Measuring and evaluating our systems and data enables us to continuously improve and to better support farmers.
BCI is committed to measuring sustainability improvements everywhere Better Cotton is produced, and to evaluating the environmental, social, and economic impact of the Better Cotton Standard System.
As a data-driven organisation, we committed to collecting and reporting on farm-level results from the very beginning. As engagement in more sustainable cotton production continues to grow, we need to innovate and evolve our systems and approaches to capture new data opportunities. In 2017 we invested in building, developing and evaluating our systems:
- We continued to develop our information management capabilities, powered by the Chainpoint platform. We are particularly pleased that as a result, producers in the Large Farm category are now able to report their results online.
- To enable Retailer and Brand Members to effectively communicate their Better Cotton sourcing achievements we conducted research into new farm-level results indicators and results reporting methodologies. We will continue to measure what matters – farm level sustainability improvements – whilst offering value to the market and maintaining the credibility and feasibility of the Better Cotton Standard System.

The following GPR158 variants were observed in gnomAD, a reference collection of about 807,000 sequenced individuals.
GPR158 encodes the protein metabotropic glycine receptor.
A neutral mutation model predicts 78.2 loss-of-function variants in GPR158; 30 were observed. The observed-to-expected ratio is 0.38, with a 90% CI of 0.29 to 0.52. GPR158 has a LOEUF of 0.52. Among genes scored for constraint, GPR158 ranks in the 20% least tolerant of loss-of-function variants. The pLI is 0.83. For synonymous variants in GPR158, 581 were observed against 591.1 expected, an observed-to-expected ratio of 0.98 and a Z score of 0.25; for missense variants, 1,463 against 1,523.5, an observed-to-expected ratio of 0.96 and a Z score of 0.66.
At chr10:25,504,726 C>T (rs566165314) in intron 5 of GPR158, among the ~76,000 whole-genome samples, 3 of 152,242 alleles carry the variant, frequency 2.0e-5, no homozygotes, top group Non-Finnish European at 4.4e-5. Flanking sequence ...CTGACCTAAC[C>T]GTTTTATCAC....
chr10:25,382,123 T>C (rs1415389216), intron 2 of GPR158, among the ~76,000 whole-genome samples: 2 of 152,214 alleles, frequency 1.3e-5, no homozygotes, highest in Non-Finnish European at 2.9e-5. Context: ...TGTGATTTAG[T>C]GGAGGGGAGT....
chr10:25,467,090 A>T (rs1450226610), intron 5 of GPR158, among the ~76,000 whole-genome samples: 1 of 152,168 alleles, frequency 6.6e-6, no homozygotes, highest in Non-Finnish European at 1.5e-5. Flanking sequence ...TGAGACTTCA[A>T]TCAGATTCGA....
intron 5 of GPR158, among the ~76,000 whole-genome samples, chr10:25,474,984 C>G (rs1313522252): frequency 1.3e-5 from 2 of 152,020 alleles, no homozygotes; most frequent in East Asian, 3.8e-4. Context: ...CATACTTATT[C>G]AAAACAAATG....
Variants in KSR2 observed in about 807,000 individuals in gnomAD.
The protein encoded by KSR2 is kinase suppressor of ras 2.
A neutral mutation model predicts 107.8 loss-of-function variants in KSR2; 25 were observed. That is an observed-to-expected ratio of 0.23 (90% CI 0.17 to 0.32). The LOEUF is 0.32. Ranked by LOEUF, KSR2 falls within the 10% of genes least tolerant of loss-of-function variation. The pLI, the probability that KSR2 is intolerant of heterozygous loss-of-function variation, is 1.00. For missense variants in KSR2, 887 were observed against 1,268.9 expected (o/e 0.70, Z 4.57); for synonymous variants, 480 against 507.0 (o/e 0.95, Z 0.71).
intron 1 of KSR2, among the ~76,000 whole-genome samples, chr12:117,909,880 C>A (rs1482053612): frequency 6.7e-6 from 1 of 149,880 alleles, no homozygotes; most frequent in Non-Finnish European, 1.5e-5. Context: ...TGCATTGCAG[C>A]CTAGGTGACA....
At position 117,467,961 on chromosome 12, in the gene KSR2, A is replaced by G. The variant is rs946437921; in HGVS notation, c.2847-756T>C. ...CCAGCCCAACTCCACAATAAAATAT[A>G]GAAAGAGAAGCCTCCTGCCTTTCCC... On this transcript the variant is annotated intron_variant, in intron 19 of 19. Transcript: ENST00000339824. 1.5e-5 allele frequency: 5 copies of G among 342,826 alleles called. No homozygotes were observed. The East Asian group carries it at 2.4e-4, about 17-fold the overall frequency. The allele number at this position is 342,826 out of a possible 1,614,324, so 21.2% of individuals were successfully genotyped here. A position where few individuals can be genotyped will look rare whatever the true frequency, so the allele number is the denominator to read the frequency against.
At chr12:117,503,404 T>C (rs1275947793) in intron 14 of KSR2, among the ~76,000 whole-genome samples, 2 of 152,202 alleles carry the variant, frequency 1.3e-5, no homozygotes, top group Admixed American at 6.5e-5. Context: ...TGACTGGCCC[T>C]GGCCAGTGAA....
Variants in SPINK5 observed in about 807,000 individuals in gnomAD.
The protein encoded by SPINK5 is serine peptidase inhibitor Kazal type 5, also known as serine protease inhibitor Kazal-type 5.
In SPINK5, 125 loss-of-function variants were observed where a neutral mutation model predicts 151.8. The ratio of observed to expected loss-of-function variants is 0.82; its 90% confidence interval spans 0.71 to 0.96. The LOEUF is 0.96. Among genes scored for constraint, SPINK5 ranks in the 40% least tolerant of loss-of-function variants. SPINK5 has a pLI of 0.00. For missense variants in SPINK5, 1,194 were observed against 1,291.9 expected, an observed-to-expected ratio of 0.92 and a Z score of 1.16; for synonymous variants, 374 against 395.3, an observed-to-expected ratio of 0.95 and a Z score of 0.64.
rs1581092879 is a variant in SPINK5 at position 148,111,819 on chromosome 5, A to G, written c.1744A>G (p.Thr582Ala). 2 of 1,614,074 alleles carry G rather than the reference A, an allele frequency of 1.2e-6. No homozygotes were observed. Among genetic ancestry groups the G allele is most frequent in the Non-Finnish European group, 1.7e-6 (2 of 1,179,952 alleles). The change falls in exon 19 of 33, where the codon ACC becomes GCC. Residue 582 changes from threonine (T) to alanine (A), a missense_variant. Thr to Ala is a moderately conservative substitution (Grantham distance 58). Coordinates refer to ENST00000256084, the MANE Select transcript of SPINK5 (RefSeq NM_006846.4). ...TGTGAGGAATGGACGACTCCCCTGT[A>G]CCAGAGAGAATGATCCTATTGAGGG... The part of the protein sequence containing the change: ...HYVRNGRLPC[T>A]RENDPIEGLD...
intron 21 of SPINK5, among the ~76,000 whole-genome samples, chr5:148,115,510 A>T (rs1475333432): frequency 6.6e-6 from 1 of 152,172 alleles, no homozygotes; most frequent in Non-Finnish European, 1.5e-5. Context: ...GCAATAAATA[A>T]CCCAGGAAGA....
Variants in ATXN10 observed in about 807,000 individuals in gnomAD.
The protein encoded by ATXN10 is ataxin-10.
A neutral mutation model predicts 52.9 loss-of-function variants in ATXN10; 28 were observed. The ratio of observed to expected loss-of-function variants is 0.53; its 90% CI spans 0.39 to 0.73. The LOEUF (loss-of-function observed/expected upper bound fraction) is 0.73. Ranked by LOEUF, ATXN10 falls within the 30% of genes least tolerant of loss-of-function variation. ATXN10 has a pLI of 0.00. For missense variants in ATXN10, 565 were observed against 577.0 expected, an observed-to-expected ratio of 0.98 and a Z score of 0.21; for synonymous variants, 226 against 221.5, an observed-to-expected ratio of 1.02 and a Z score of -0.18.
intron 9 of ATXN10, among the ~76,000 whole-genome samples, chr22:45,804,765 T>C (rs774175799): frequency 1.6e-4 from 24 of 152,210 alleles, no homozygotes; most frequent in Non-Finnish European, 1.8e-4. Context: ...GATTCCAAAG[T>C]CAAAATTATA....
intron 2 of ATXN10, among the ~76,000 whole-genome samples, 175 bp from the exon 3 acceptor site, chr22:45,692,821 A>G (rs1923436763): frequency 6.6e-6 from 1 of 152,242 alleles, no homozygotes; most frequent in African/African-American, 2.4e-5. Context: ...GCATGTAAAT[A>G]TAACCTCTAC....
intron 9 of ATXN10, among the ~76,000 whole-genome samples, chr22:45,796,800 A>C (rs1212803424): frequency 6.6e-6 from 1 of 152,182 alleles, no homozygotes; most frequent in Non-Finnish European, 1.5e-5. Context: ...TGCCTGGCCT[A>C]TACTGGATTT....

- BCI also participated in independent research efforts commissioned by the C&A Foundation – complementary environmental life cycle and socio-economic assessments in Madhya Pradesh, India; and ISEAL’s Demonstrating and Improving Poverty Impacts project (baseline report available on our website). We also commissioned a case study in Gujarat, India, to examine progress in phasing out a hazardous pesticide and the role of BCI’s Implementing Partners.